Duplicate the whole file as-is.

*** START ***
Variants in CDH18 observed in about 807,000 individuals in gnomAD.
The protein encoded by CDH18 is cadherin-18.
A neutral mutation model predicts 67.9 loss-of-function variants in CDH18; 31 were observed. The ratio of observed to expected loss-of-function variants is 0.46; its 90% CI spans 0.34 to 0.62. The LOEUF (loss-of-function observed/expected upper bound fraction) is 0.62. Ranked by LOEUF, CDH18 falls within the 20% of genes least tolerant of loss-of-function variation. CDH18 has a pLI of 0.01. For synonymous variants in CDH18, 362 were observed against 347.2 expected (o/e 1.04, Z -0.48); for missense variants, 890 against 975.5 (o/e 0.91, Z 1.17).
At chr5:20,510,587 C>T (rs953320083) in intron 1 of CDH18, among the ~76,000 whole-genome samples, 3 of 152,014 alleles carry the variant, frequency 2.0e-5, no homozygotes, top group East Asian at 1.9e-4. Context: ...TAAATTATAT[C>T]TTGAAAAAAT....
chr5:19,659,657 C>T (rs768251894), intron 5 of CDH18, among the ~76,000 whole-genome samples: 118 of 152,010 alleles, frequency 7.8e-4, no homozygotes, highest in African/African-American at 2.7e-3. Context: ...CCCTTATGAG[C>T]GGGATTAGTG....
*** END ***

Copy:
Variants in CDH18 observed in about 807,000 individuals in gnomAD.
The protein encoded by CDH18 is cadherin-18.
A neutral mutation model predicts 67.9 loss-of-function variants in CDH18; 31 were observed. The ratio of observed to expected loss-of-function variants is 0.46; its 90% CI spans 0.34 to 0.62. The LOEUF (loss-of-function observed/expected upper bound fraction) is 0.62. Ranked by LOEUF, CDH18 falls within the 20% of genes least tolerant of loss-of-function variation. CDH18 has a pLI of 0.01. For synonymous variants in CDH18, 362 were observed against 347.2 expected (o/e 1.04, Z -0.48); for missense variants, 890 against 975.5 (o/e 0.91, Z 1.17).
At chr5:20,510,587 C>T (rs953320083) in intron 1 of CDH18, among the ~76,000 whole-genome samples, 3 of 152,014 alleles carry the variant, frequency 2.0e-5, no homozygotes, top group East Asian at 1.9e-4. Context: ...TAAATTATAT[C>T]TTGAAAAAAT....
chr5:19,659,657 C>T (rs768251894), intron 5 of CDH18, among the ~76,000 whole-genome samples: 118 of 152,010 alleles, frequency 7.8e-4, no homozygotes, highest in African/African-American at 2.7e-3. Context: ...CCCTTATGAG[C>T]GGGATTAGTG....